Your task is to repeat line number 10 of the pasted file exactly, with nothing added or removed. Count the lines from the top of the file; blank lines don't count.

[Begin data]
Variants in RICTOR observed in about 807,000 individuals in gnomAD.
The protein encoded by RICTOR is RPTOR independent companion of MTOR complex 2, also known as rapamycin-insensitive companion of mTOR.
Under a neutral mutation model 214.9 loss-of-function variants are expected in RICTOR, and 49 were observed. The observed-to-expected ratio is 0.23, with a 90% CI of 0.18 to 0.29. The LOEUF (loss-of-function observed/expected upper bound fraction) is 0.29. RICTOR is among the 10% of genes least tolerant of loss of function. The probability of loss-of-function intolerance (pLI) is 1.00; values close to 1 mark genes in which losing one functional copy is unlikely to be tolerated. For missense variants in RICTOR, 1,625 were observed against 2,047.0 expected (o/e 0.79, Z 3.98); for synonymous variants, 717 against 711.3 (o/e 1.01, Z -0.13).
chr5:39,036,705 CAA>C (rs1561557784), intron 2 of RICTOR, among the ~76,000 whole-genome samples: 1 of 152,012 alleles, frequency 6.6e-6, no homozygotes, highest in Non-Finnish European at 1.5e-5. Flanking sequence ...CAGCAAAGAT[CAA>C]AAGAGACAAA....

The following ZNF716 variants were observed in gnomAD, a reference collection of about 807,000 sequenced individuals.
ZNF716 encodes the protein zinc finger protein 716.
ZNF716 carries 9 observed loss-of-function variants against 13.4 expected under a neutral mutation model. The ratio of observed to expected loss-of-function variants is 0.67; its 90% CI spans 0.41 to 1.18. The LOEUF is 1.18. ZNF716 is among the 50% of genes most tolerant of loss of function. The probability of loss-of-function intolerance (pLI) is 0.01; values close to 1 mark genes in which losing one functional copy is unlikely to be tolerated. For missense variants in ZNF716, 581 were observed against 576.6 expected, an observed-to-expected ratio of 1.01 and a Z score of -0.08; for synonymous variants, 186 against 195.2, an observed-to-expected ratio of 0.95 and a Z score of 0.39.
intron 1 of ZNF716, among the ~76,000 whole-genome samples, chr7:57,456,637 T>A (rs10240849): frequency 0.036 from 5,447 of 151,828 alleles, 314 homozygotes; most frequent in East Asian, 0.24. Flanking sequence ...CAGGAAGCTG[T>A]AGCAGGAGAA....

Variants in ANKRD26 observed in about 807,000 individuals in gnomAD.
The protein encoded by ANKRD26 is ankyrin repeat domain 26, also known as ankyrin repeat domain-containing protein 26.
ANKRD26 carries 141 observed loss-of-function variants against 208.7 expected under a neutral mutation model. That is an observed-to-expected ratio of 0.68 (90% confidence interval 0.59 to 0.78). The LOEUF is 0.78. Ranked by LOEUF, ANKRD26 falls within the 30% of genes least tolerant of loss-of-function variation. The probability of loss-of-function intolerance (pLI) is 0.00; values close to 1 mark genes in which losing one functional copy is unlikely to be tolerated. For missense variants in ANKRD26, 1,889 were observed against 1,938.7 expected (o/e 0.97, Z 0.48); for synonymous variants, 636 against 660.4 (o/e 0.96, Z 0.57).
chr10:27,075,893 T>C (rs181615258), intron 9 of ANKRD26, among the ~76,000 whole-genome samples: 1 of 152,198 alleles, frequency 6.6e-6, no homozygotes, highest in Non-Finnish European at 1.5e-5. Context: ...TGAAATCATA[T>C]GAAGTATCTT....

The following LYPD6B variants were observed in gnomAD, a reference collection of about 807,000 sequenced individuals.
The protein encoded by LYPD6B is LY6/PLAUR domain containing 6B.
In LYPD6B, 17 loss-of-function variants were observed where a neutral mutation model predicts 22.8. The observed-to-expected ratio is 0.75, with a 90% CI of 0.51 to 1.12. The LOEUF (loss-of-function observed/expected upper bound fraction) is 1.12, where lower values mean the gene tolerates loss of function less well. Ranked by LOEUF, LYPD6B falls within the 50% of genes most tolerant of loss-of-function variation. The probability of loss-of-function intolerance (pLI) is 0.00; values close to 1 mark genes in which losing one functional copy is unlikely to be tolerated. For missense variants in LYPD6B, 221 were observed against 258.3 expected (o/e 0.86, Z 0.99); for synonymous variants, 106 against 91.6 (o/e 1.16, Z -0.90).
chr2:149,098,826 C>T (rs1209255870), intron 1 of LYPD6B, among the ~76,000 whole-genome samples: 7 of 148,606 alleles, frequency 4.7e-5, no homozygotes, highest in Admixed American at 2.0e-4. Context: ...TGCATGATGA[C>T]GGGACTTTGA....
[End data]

The protein encoded by ANKRD26 is ankyrin repeat domain 26, also known as ankyrin repeat domain-containing protein 26.